My dad used to be a travelling salesman. His title was “rep” or “representative”. But what he did was travel to potential customers to try and sell them stuff that my dad’s company made. As a young child I never had any idea what dad sold or what companies he worked for. But I remember this – something he told us …
That when he went into a factory and asked for the boss, he had found the boss could be the least “boss looking” of all. The boss could be the dustiest, dirtiest, busiest “factory worker” there. So my dad had discarded the assumption a “boss” would be the one with a tie and shirt – the one in an office with a computer.
I remember my dad telling us that because it is true of life.
This morning on a site dedicated to the Living Word I read this:
“Something to think and pray about this week
During high school we were told—warned really—that when we left the school grounds in our uniforms, when we wore them at Friendly’s restaurant after school or while on a field trip, we were representing Cathedral High School, that how we behaved while wearing these uniforms represented the larger group of students. Which makes me wonder: what about the clothes I don’t wear, but still hold on to; what do they say about me?
In Colossians, we’re told to clothe ourselves with love, over everything else, over whatever styles we’re wearing, over whatever ways we’re seeking to define or distinguish ourselves. Like a less itchy and less tangible version of a school uniform, this love unites us. And the way we wear that love represents the larger group of Christians. It is up to each of us to make it unique in the way we live out that love—the spiritual version of wearing goofy socks and homemade jewellery—but this love must have at its core the same basic pieces. “They will know we are Christians by our Love,” we are told. But only if we wear it well.”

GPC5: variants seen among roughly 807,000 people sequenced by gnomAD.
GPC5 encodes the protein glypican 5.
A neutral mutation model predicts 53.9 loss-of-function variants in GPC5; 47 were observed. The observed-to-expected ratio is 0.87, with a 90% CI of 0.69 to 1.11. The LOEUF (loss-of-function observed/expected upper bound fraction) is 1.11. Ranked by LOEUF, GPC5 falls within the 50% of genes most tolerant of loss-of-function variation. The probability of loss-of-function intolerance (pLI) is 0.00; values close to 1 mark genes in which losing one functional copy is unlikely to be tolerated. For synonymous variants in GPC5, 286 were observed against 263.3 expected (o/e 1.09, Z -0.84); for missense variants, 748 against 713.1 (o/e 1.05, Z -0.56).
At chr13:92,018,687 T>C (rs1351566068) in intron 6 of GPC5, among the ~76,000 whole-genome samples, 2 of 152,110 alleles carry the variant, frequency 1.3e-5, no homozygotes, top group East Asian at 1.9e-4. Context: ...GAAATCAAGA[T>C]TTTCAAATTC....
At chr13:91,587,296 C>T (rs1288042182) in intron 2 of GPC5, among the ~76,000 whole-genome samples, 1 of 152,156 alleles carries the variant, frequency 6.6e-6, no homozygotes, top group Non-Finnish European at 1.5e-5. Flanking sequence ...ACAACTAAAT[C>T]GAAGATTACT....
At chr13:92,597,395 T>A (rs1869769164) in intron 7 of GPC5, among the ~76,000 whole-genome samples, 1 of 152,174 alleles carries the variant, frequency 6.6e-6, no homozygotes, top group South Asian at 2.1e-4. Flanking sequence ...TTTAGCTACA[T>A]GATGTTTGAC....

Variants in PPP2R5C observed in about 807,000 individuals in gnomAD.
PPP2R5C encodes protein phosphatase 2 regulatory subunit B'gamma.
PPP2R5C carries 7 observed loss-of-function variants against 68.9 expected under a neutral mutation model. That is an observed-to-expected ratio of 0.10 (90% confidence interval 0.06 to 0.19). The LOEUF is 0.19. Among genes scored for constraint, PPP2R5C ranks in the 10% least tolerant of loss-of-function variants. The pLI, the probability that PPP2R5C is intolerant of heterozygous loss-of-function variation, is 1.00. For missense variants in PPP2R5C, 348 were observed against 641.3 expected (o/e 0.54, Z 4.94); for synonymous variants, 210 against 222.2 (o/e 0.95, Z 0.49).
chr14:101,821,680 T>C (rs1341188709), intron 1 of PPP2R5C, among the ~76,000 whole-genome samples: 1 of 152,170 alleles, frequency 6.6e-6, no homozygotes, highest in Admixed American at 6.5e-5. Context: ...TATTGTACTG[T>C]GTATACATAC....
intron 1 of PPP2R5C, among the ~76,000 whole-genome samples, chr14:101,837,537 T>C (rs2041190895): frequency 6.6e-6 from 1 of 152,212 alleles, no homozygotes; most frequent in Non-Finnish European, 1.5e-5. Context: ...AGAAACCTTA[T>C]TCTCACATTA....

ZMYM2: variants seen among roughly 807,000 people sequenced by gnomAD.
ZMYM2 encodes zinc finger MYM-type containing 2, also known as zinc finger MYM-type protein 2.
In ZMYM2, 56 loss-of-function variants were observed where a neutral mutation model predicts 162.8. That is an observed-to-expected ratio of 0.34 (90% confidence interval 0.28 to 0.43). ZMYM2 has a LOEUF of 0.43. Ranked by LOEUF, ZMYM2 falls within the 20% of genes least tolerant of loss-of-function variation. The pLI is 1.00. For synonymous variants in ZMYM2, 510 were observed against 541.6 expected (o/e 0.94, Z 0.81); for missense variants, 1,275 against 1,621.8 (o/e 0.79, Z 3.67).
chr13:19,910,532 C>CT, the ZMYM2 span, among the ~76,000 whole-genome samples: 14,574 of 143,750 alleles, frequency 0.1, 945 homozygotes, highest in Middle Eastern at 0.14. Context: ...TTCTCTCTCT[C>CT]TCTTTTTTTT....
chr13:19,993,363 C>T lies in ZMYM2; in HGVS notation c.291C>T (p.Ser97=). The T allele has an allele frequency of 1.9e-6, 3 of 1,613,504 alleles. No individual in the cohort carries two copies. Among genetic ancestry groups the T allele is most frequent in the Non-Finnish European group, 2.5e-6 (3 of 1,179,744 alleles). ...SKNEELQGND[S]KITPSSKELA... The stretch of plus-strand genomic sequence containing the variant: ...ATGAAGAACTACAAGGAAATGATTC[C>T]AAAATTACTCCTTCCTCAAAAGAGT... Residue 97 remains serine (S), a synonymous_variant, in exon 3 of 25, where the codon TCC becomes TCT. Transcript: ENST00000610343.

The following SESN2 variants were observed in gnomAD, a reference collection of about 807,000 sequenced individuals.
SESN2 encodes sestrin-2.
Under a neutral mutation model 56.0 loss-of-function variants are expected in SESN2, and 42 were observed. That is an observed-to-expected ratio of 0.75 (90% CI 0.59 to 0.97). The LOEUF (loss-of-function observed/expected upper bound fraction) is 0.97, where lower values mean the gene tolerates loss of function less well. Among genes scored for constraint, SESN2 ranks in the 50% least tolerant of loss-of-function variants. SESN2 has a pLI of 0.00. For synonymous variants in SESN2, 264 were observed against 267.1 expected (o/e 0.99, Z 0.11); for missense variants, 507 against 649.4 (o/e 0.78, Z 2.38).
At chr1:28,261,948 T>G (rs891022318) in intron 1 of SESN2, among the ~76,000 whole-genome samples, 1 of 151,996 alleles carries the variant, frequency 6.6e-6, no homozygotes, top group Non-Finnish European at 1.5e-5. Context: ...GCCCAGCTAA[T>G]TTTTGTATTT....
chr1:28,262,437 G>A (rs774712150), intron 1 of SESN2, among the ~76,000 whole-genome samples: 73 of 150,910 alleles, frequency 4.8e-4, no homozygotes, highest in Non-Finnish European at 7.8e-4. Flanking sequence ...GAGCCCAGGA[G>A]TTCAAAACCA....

– Excerpted from Mercy in the City by Kerry Weber Lynch
A few years ago as a travelling Christian I agreed with every word: we are clothed with love – we are to wear it well – and by love they will know I am a Christian.
In the last few years I have questioned that belief.
“Jesus answered, “I am the way and the truth and the life. No one comes to the Father except through me. If you really know me, you will know my Father as well. From now on, you do know him and have seen him.”” John 14:6-7
God Soft Hands Jesus, GSHJ, is my seeing and my knowing. A GSHJ who does not fit neatly into any version of any bible. A GSHJ who cannot be contained within a creed. A GSHJ who has no need of a uniform. A GSHJ who does not demand or expect. A GSHJ who does not wait until I fulfil a checklist of requirements and am “saved” before loving me without condition. A GSHJ who sees me for who I am … who I was … who I could be … who I want to be … who I don’t want to be – and all the confused stumbling and stop-start-living-and-loving I am so expert at. A GSHJ who – I find more and more – is not interested in how often I go to church – how many bible verses I can recite – how often I am dutiful – whether I “worship” or not – how many sinners I save – how much I tithe …
That is not “knowing” at all.
That is a Christian checklist – a Christian need – a uniform – an outer layer – something I can put on and take off. And – I find more and more – not only something that keeps me from those who do not believe the same but also the very “Christ” in Christian that my “uniform” demands I follow.
I love imagery. Unless it keeps me from the thing it is describing.
Then the imagery becomes the reason and “the thing” is lost. Then we see and follow neat, tidy, and pretty things – and know nothing much at all.